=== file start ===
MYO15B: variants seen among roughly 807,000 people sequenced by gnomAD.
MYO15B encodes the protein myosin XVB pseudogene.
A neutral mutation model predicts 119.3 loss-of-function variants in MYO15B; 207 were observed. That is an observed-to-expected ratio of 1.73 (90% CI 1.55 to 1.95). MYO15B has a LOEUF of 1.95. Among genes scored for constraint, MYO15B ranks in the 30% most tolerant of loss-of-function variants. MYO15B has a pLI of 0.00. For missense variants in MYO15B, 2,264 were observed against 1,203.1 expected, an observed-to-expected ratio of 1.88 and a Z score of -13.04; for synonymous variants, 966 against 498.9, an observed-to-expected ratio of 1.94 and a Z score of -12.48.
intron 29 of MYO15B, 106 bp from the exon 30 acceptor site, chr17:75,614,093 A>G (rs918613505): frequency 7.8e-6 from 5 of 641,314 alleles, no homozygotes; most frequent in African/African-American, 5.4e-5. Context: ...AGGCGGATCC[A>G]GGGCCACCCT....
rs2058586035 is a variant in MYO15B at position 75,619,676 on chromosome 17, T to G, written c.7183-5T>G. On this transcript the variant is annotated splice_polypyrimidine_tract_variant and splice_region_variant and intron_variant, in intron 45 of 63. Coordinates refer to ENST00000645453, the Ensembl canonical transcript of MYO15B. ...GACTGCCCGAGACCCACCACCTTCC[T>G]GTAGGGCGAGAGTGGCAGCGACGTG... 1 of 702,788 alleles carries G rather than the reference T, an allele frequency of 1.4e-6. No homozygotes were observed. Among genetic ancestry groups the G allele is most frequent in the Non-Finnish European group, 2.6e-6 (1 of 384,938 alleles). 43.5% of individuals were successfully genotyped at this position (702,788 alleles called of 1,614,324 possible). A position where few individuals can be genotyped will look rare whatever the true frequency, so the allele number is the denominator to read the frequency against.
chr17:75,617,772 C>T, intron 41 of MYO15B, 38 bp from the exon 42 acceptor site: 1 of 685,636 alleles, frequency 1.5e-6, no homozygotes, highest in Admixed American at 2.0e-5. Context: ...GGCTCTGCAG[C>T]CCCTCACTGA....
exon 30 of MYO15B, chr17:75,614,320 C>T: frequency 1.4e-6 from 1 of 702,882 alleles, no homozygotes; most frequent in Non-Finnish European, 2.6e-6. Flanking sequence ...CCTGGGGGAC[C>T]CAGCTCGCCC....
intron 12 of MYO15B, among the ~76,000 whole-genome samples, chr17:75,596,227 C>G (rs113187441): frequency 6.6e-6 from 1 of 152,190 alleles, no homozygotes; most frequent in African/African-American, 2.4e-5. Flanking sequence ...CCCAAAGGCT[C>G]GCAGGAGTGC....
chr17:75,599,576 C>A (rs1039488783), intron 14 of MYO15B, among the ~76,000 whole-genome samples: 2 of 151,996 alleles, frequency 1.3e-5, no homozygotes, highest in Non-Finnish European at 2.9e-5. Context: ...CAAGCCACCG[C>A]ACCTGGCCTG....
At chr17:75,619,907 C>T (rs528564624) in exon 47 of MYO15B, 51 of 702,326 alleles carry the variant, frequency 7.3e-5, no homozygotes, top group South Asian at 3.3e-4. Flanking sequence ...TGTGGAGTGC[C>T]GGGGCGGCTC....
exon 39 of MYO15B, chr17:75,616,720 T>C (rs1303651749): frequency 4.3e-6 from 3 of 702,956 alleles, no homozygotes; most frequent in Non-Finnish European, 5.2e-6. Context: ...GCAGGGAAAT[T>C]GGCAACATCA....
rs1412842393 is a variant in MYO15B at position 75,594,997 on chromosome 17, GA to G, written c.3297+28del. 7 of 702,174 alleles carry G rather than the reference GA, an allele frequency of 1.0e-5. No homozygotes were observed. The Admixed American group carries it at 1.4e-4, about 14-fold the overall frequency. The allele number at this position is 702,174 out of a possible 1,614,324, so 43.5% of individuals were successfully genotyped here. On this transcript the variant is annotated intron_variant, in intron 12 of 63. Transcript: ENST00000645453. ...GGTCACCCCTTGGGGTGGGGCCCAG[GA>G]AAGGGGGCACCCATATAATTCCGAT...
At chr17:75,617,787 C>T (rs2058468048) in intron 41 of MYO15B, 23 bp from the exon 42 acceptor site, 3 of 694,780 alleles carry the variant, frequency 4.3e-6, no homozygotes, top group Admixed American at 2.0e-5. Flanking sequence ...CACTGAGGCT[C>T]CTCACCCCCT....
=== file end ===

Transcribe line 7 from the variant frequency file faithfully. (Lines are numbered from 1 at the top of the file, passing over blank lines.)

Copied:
exon 30 of MYO15B, chr17:75,614,320 C>T: frequency 1.4e-6 from 1 of 702,882 alleles, no homozygotes; most frequent in Non-Finnish European, 2.6e-6. Flanking sequence ...CCTGGGGGAC[C>T]CAGCTCGCCC....